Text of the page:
Fukusuke

Fukusuke

Origin: Japan

Fukusuke’s name means “good fortune.” He is a spirit of general prosperity but is especially associated with merchants. Before the remarkable ascendance of Maneki Neko, images of Fukusuke were kept by merchants and shopkeepers to attract prosperity, business, and customers. They may still be used in this way. Fukusuke and Maneki Neko will happily share altar space or a storefront. Although he is not counted among what is now the standard group, in the past Fukusuke has sometimes been classified among the Shichi Fukujin, the Seven Spirits of Good Luck. Fukusuke has a family who may be venerated alongside him. His wife’s name is Ofuke, and their daughter is Fukumusume. All may be venerated together. Keeping his family near may enhance Fukusuke’s powers. Place Fukusuke’s image by the main entrance or in a shop window, looking outward so that he can attract and greet customers and business.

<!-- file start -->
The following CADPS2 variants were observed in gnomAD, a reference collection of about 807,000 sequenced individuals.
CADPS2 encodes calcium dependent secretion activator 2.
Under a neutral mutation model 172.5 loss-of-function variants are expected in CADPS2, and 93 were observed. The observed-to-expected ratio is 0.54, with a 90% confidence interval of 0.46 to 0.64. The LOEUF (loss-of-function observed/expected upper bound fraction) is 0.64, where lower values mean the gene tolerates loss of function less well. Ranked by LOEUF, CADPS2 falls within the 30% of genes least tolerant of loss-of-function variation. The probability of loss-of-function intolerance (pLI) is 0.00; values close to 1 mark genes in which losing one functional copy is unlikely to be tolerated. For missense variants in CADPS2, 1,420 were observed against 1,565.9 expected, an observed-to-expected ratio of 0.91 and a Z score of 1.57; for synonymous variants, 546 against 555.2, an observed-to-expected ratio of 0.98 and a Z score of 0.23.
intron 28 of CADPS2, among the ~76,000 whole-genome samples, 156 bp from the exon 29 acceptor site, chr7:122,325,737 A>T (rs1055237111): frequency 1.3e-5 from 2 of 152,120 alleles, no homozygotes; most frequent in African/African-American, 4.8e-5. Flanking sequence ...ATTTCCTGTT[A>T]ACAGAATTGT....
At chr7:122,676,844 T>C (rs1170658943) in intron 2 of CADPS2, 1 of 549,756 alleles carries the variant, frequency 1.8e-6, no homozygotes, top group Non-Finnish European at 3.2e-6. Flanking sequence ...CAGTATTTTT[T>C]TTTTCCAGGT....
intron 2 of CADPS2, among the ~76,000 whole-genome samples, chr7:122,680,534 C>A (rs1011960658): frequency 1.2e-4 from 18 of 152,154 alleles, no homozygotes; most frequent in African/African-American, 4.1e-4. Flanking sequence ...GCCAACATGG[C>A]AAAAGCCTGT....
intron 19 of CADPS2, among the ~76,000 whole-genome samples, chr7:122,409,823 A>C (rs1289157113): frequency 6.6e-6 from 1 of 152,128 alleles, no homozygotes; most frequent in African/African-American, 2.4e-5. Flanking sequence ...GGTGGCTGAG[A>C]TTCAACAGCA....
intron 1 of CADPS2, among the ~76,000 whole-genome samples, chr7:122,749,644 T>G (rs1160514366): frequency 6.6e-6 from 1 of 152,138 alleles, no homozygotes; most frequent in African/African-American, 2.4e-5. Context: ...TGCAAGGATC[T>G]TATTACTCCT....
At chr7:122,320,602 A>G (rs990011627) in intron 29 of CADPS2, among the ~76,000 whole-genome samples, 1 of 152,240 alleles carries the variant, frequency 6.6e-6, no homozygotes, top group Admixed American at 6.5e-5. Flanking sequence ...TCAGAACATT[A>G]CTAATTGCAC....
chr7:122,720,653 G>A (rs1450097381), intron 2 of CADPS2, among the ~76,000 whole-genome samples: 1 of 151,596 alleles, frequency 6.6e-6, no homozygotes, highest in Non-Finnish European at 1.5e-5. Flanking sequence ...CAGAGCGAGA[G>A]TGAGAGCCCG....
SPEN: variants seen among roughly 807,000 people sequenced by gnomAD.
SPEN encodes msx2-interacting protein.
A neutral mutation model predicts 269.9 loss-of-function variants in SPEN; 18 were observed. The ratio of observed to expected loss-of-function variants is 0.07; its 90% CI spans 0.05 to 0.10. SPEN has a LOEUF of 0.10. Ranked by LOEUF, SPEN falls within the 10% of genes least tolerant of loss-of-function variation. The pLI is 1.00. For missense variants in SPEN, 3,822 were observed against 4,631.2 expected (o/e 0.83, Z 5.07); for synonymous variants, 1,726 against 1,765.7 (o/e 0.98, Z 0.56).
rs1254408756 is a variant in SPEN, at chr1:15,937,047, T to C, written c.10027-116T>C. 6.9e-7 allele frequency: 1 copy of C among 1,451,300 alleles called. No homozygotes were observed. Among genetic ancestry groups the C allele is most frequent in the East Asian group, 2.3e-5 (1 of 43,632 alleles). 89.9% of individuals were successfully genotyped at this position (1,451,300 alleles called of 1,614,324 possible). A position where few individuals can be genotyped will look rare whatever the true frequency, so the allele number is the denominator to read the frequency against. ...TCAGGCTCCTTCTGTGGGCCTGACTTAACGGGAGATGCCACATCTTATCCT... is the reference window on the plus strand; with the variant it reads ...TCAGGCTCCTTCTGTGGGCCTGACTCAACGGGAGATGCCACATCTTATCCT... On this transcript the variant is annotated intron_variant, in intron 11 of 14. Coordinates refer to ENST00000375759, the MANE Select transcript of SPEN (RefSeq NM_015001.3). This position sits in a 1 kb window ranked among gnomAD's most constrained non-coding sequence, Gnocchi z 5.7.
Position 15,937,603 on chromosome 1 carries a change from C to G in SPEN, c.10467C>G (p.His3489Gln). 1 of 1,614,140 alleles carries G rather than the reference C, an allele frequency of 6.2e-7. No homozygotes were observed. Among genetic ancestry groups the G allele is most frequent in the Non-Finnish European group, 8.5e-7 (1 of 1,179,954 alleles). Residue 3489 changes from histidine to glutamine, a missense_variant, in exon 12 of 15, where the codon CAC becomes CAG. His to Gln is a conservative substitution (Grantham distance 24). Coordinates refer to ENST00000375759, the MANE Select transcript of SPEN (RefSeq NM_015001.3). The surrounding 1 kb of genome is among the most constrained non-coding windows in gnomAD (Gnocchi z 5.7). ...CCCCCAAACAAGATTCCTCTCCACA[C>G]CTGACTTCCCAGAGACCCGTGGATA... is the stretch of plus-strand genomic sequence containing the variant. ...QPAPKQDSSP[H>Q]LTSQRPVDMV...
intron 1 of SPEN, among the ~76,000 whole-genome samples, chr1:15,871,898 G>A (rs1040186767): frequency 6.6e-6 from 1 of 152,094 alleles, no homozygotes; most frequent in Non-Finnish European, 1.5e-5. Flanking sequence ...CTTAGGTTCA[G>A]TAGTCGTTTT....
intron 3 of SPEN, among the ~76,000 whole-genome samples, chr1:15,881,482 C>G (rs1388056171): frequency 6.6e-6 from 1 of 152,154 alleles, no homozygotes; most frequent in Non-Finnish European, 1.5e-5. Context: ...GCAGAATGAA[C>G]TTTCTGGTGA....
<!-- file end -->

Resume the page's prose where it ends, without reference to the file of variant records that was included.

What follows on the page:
Favored people: Merchants; storekeepers

Iconography: A friendly man with a disproportionately large head and big, prominent ears (the better to hear you with) is depicted in the act of bowing respectfully to customers and patrons. His ear lobes hang, indicating his wealth by the weight of the earrings he customarily wears. He usually wears a formal kimono.

Offerings: Sake

See also: Maneki Neko; Okame; Shichi Fukujin

Occult World
From the Encyclopedia of Spirits: The Ultimate Guide to the Magic of Fairies, Genies, Demons, Ghosts, Gods & Goddesses– Written by :Judika Illes Copyright © 2009 by Judika Illes.

Japanese Mythology

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Japanese Mythology